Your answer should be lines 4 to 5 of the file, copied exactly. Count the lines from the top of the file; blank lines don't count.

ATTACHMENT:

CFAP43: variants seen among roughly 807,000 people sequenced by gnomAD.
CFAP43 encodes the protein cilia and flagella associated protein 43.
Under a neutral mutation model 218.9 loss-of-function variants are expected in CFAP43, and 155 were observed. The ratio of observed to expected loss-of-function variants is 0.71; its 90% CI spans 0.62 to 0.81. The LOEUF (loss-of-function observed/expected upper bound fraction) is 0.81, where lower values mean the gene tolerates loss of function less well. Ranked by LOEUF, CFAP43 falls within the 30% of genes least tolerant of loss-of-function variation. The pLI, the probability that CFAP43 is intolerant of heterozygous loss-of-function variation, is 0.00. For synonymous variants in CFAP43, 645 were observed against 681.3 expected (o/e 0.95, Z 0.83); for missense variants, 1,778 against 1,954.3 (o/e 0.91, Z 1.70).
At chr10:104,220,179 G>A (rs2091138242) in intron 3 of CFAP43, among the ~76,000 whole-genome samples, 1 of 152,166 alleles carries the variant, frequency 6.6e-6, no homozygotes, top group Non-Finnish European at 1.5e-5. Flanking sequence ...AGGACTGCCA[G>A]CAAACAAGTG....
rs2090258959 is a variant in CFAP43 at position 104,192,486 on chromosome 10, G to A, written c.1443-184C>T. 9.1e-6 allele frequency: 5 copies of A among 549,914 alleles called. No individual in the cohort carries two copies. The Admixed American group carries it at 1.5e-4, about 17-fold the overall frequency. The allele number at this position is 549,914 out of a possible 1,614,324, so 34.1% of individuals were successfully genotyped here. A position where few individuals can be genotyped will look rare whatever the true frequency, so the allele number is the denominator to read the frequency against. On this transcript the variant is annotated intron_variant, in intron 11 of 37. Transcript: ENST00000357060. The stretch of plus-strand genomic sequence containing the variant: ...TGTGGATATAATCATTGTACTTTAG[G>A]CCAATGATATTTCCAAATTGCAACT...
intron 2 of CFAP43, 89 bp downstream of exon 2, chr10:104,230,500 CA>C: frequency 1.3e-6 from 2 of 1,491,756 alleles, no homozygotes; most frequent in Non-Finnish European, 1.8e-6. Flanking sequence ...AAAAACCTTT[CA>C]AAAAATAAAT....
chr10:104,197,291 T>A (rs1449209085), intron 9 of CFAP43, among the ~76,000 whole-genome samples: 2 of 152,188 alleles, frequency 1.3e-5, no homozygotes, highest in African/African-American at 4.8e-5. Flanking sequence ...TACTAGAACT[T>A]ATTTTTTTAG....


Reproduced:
At chr10:104,220,179 G>A (rs2091138242) in intron 3 of CFAP43, among the ~76,000 whole-genome samples, 1 of 152,166 alleles carries the variant, frequency 6.6e-6, no homozygotes, top group Non-Finnish European at 1.5e-5. Flanking sequence ...AGGACTGCCA[G>A]CAAACAAGTG....
rs2090258959 is a variant in CFAP43 at position 104,192,486 on chromosome 10, G to A, written c.1443-184C>T. 9.1e-6 allele frequency: 5 copies of A among 549,914 alleles called. No individual in the cohort carries two copies. The Admixed American group carries it at 1.5e-4, about 17-fold the overall frequency. The allele number at this position is 549,914 out of a possible 1,614,324, so 34.1% of individuals were successfully genotyped here. A position where few individuals can be genotyped will look rare whatever the true frequency, so the allele number is the denominator to read the frequency against. On this transcript the variant is annotated intron_variant, in intron 11 of 37. Transcript: ENST00000357060. The stretch of plus-strand genomic sequence containing the variant: ...TGTGGATATAATCATTGTACTTTAG[G>A]CCAATGATATTTCCAAATTGCAACT...